Wine Talk

Snooth User: WineGeekJen

State wine stores

Posted by WineGeekJen, Dec 2, 2009.

Your Message...Do you think that wine drinkers that live in states that have state run liquor monopolies have limited purchasing options or do you think they get a good deal because the state has more buying power to keep prices down?

On our podcast this week, we talked with Mike Gonze the owner of Dreadnought wines, which is a wine distributor in Pittsburgh, PA. We were discussing all of the rules that the state has for wine distributors. In fact, he called the company Dreadnought because he had to navigate the "rough waters" of the state's bureaucracy. Let me know what you think! You can listen to the podcast on iTunes (East Coast Wine Geeks Episode 34) or at http://www.eastcoastwinegeeks.com

Replies

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Reply by rhill2990, Dec 3, 2009.

I live in Ohio where there is a three-tiered liquor distribution system run by the state. My opinion is that we have less choice in wine selection because this system does not let all wines into the mix. The state determines which wines are available for import into the state, either by private individuals or by the retailers. I am not sure what the criteria the state of Ohio uses, however, I know there are certain wines that are unavailable for me to bring into the state. I think this state run system is rigged to arrange for maximum "soaking" of the retail customer. As a private purchaser of wine, beer or spirits, I must file an excise tax return with the state liquor control authority and pay the sales tax and excise tax on the wine within 30 days of receiving the shipment. The excise tax is pretty low and depends upon the alcohol content of the wine, beer or spirits. For example still wine that contains between 14 and 22 percent alcohol has a $2.38 per case excise tax. The sales tax in my county is 6.75%. I am also limited to purchase less than 11 gallons per every three months. It sounds like a lot of wine but it amounts to less than 5 cases. If you are trying to cellar wine it can make things tougher.

The money involved is insignificant and the paperwork is not bad. Still I kind of view this as a limitation on my personal rights to consume wine of my own choosing.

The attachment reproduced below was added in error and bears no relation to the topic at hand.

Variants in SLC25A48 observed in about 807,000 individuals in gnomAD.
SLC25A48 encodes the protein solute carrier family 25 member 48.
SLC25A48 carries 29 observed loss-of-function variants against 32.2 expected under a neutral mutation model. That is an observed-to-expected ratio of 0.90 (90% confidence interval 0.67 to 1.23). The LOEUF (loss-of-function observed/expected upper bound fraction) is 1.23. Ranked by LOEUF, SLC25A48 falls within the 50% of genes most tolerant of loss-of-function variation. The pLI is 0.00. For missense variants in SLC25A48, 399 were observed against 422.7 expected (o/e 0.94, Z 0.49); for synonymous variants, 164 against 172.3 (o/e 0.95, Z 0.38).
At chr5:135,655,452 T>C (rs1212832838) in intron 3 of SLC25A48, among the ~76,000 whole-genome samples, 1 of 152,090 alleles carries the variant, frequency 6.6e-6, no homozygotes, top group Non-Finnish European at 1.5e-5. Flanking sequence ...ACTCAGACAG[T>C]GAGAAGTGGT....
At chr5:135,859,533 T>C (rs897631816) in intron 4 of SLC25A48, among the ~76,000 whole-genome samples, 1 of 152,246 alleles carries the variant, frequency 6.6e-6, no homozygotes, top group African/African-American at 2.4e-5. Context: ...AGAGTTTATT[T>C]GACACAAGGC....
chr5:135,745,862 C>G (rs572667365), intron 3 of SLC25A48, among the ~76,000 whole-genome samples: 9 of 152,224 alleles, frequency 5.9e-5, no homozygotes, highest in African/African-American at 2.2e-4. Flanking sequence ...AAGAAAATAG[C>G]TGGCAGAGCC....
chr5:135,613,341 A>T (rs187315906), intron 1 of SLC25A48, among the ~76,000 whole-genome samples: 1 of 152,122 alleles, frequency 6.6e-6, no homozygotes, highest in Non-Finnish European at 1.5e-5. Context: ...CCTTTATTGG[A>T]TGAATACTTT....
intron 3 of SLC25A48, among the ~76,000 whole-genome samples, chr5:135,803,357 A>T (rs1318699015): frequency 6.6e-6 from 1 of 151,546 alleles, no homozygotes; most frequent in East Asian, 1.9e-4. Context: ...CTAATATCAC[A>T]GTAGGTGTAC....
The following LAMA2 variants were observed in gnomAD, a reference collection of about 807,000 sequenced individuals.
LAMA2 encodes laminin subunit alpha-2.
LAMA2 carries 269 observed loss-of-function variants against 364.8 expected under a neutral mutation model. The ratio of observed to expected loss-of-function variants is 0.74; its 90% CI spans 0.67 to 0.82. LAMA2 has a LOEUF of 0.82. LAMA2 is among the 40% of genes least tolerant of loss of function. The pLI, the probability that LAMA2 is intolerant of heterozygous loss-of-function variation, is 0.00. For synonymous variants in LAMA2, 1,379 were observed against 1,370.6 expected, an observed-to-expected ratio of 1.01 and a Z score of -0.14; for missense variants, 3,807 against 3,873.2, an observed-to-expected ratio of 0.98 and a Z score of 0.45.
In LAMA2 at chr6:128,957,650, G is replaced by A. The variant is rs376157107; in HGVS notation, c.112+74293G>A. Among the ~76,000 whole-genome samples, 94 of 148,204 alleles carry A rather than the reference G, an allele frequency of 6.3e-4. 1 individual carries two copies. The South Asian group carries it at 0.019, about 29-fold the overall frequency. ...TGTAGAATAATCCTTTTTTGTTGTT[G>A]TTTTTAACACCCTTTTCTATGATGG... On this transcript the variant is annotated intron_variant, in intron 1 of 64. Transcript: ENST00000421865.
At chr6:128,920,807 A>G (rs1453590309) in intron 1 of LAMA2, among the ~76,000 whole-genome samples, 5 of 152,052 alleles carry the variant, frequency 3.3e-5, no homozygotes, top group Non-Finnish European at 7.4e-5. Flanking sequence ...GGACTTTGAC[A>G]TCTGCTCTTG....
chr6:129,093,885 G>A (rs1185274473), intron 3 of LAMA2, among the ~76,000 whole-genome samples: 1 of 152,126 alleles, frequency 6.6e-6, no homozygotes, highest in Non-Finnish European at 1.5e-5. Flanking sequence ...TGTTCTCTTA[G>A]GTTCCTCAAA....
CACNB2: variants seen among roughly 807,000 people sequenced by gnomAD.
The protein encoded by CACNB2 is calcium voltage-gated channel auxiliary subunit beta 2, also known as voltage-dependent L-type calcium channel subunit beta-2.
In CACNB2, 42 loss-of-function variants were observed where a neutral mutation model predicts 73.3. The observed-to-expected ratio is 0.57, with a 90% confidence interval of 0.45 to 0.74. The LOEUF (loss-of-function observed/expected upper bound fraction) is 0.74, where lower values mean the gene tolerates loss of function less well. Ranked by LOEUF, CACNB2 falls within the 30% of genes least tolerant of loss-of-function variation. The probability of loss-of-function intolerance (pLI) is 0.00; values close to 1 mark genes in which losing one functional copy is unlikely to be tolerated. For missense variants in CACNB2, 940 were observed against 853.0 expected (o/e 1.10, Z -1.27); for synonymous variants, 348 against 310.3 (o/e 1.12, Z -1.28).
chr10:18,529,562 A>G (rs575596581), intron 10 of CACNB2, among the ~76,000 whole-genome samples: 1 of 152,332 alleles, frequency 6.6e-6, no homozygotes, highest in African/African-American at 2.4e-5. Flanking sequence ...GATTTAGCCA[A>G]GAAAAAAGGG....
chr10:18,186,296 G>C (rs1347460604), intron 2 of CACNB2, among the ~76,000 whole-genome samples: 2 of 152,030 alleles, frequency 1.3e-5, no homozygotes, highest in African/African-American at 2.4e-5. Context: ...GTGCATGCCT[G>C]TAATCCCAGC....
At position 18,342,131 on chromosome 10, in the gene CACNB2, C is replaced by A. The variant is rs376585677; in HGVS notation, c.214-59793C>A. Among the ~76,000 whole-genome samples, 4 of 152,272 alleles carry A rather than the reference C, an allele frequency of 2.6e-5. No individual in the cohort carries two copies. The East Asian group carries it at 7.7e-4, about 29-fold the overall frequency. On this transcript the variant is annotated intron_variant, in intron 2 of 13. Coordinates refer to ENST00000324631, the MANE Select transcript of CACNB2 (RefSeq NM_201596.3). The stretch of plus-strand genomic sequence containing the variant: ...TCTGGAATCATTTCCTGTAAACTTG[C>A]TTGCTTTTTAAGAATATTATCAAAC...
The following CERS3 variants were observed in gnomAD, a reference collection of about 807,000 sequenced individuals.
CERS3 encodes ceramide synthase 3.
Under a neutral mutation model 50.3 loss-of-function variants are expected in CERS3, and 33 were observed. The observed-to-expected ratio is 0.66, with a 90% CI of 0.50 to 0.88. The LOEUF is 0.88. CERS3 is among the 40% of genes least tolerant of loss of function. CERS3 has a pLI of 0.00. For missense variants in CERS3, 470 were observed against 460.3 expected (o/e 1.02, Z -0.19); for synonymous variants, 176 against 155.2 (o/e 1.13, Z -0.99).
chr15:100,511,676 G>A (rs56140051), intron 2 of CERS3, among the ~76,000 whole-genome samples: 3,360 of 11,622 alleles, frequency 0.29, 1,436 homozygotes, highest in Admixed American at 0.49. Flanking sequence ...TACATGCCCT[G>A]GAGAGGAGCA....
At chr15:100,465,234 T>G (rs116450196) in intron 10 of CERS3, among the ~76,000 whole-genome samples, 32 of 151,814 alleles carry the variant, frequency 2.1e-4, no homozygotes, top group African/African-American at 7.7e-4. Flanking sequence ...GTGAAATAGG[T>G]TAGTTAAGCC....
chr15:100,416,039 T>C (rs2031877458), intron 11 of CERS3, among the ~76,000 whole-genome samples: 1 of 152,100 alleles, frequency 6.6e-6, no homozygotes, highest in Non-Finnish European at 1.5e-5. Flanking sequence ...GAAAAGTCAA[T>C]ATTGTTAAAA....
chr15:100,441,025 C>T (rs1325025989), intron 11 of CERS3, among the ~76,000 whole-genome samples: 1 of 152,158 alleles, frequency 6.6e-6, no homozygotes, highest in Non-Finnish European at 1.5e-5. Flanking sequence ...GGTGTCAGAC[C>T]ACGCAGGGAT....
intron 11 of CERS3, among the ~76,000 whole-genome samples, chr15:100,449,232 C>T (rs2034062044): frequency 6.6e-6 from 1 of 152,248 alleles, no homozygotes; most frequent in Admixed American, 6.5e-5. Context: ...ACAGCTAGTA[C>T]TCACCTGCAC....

It's all pretty ridiculous. Anway, that's my two cents.

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Reply by dmcker, Dec 3, 2009.

Sounds like quite a bit of bureaucratic nonsense, RHil. Undoubtedly does justify extra jobs in government for a few folks, though. ;-) What happens to people who forget to pay their excise/sales tax?

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Reply by John Andrews, Dec 4, 2009.

Being from Canada and in a province where all alcohol sales are controlled by the government I would have to say that choice is definitely reduced but prices are high but that is more to do with the 'built-in' taxes and tariffs Canadians have to pay.

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Reply by John Andrews, Dec 4, 2009.

Oh yeah, now that I live in California, I don't have to worry about it. :-)

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Reply by rhill2990, Dec 4, 2009.

Yes, dmcker, I think it is nonsense. I am not sure but I think in order to ship to Ohio the retailers have to have a special permit from the state. I would bet that they probably send copies of the purchase invoices to the liquor control people. There is probably some regulatory fine for failure to comply.

I have great faith in tax collecting agencies.

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Reply by kylewolf, Dec 4, 2009.

Here is Alabama, the choices are pretty slim, even at high end wine stores. The state run stores have very limited selection, but the best prices, which is still on avg. $3-5 higher than what I use to pay in Illinois. Also, you have to pay a ridiculous tax on any wine being shipping into the state.

While I can not remember what the tax on wine is, I know to calculate liquor tax it is

invoice * 1.3= X * .48 = tax due
example, a case of Jack single barrel ($38)

$456 * 1.3= $592.8 *.48= $284.54

I do believe that is how it works...if anyone from Alabama knows better, please let me know.

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Reply by rhill2990, Dec 4, 2009.

That's a pretty steep tax. I guess I should count my blessings


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